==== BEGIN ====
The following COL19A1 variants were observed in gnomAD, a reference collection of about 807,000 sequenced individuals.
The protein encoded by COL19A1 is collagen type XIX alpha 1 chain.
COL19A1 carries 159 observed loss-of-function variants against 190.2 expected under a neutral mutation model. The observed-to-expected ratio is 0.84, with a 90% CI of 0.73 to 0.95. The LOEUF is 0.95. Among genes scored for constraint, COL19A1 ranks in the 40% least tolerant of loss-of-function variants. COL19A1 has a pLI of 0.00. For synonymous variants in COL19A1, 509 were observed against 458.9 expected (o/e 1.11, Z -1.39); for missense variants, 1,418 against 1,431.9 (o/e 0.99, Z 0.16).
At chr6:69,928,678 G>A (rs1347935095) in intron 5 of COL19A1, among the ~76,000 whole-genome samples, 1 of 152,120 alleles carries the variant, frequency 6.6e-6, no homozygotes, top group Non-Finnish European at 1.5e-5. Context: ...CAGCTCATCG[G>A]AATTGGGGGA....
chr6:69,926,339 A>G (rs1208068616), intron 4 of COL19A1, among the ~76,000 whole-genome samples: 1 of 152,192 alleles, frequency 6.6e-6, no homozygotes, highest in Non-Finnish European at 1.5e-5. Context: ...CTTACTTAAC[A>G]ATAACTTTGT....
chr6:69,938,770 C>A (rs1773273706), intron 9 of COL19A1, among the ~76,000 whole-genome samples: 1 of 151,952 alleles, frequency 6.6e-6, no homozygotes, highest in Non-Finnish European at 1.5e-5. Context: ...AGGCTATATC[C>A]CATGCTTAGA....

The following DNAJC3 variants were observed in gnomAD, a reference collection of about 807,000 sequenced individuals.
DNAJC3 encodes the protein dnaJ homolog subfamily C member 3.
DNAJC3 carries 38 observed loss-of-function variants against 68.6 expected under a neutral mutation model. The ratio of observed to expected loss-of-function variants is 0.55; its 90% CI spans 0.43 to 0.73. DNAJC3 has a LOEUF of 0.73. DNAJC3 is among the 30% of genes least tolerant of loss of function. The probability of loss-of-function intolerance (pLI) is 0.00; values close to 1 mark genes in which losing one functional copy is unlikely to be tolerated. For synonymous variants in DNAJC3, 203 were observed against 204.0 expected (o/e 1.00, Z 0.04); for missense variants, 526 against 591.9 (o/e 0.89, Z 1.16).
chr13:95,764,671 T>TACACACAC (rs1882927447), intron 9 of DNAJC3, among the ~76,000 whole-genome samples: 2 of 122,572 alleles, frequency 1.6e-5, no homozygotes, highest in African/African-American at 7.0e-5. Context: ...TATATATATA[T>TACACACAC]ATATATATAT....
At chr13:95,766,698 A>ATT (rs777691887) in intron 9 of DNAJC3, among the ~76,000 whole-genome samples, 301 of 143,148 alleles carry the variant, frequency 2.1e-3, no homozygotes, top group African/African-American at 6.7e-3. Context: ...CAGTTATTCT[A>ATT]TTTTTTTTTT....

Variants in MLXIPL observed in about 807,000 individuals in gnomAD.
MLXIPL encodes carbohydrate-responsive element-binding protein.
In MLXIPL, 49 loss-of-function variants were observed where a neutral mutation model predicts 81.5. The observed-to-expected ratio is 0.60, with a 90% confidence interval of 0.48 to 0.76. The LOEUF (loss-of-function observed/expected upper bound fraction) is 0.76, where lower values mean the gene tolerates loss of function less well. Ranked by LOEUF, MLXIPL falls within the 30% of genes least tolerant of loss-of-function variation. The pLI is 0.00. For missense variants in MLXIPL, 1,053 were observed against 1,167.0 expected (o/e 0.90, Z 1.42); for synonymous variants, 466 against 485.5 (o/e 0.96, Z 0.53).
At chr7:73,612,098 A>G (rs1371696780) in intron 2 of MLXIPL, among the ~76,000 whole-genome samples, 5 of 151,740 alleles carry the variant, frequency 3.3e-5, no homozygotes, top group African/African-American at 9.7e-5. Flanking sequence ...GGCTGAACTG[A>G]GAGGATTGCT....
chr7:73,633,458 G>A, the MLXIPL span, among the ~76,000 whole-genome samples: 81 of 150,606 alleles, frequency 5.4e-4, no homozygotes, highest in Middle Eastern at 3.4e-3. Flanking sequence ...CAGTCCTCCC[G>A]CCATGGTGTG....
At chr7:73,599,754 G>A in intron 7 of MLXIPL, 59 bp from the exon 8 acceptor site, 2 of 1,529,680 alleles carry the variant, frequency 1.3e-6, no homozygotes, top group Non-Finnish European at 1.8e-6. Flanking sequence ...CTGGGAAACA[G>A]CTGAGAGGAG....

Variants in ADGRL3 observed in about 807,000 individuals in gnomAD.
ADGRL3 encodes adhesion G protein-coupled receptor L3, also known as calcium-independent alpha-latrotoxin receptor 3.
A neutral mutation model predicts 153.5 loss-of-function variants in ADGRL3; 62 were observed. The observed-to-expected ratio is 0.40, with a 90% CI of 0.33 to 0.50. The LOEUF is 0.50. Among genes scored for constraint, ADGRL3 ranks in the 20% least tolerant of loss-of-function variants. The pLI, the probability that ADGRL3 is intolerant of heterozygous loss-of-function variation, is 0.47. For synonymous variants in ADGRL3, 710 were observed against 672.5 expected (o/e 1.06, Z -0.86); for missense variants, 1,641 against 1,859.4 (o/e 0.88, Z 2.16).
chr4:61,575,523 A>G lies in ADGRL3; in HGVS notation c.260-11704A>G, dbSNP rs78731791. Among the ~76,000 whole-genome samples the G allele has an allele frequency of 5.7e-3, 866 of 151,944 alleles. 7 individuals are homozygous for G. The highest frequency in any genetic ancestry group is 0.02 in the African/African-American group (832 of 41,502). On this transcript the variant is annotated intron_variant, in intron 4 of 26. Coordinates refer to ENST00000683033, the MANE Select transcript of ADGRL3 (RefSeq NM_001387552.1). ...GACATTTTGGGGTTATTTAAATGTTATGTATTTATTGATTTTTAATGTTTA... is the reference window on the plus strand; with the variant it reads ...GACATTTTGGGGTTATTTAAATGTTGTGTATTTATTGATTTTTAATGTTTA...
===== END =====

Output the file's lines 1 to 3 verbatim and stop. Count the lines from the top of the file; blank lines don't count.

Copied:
The following COL19A1 variants were observed in gnomAD, a reference collection of about 807,000 sequenced individuals.
The protein encoded by COL19A1 is collagen type XIX alpha 1 chain.
COL19A1 carries 159 observed loss-of-function variants against 190.2 expected under a neutral mutation model. The observed-to-expected ratio is 0.84, with a 90% CI of 0.73 to 0.95. The LOEUF is 0.95. Among genes scored for constraint, COL19A1 ranks in the 40% least tolerant of loss-of-function variants. COL19A1 has a pLI of 0.00. For synonymous variants in COL19A1, 509 were observed against 458.9 expected (o/e 1.11, Z -1.39); for missense variants, 1,418 against 1,431.9 (o/e 0.99, Z 0.16).